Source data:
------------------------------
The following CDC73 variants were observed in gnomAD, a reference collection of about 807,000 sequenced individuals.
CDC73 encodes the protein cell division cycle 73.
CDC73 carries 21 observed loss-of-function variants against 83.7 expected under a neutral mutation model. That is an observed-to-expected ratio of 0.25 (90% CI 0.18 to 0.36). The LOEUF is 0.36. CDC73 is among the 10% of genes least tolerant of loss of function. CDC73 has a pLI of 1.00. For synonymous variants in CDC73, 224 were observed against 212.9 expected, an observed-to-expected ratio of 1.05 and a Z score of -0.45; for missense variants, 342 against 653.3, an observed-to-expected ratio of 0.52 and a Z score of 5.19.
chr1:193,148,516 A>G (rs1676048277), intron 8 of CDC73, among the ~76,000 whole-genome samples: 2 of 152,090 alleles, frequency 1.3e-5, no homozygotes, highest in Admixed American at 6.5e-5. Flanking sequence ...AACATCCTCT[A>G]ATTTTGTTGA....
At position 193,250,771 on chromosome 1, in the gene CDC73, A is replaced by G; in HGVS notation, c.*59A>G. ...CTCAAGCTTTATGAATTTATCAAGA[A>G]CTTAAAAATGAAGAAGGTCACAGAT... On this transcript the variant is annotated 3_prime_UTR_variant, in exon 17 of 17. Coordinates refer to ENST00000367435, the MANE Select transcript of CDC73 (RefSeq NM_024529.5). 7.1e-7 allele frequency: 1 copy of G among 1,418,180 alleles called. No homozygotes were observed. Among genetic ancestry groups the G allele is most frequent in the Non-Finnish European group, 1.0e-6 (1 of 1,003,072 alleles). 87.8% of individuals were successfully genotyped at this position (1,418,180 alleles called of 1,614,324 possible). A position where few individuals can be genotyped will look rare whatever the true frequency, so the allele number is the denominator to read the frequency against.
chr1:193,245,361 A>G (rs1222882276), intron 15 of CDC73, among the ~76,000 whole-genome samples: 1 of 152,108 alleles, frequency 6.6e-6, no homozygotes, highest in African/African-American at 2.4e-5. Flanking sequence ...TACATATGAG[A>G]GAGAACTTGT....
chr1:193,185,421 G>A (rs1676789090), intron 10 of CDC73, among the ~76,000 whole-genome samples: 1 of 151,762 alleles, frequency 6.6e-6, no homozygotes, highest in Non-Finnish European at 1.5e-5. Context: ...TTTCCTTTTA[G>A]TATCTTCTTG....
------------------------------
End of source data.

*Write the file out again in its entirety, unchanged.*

The following CDC73 variants were observed in gnomAD, a reference collection of about 807,000 sequenced individuals.
CDC73 encodes the protein cell division cycle 73.
CDC73 carries 21 observed loss-of-function variants against 83.7 expected under a neutral mutation model. That is an observed-to-expected ratio of 0.25 (90% CI 0.18 to 0.36). The LOEUF is 0.36. CDC73 is among the 10% of genes least tolerant of loss of function. CDC73 has a pLI of 1.00. For synonymous variants in CDC73, 224 were observed against 212.9 expected, an observed-to-expected ratio of 1.05 and a Z score of -0.45; for missense variants, 342 against 653.3, an observed-to-expected ratio of 0.52 and a Z score of 5.19.
chr1:193,148,516 A>G (rs1676048277), intron 8 of CDC73, among the ~76,000 whole-genome samples: 2 of 152,090 alleles, frequency 1.3e-5, no homozygotes, highest in Admixed American at 6.5e-5. Flanking sequence ...AACATCCTCT[A>G]ATTTTGTTGA....
At position 193,250,771 on chromosome 1, in the gene CDC73, A is replaced by G; in HGVS notation, c.*59A>G. ...CTCAAGCTTTATGAATTTATCAAGA[A>G]CTTAAAAATGAAGAAGGTCACAGAT... On this transcript the variant is annotated 3_prime_UTR_variant, in exon 17 of 17. Coordinates refer to ENST00000367435, the MANE Select transcript of CDC73 (RefSeq NM_024529.5). 7.1e-7 allele frequency: 1 copy of G among 1,418,180 alleles called. No homozygotes were observed. Among genetic ancestry groups the G allele is most frequent in the Non-Finnish European group, 1.0e-6 (1 of 1,003,072 alleles). 87.8% of individuals were successfully genotyped at this position (1,418,180 alleles called of 1,614,324 possible). A position where few individuals can be genotyped will look rare whatever the true frequency, so the allele number is the denominator to read the frequency against.
chr1:193,245,361 A>G (rs1222882276), intron 15 of CDC73, among the ~76,000 whole-genome samples: 1 of 152,108 alleles, frequency 6.6e-6, no homozygotes, highest in African/African-American at 2.4e-5. Flanking sequence ...TACATATGAG[A>G]GAGAACTTGT....
chr1:193,185,421 G>A (rs1676789090), intron 10 of CDC73, among the ~76,000 whole-genome samples: 1 of 151,762 alleles, frequency 6.6e-6, no homozygotes, highest in Non-Finnish European at 1.5e-5. Context: ...TTTCCTTTTA[G>A]TATCTTCTTG....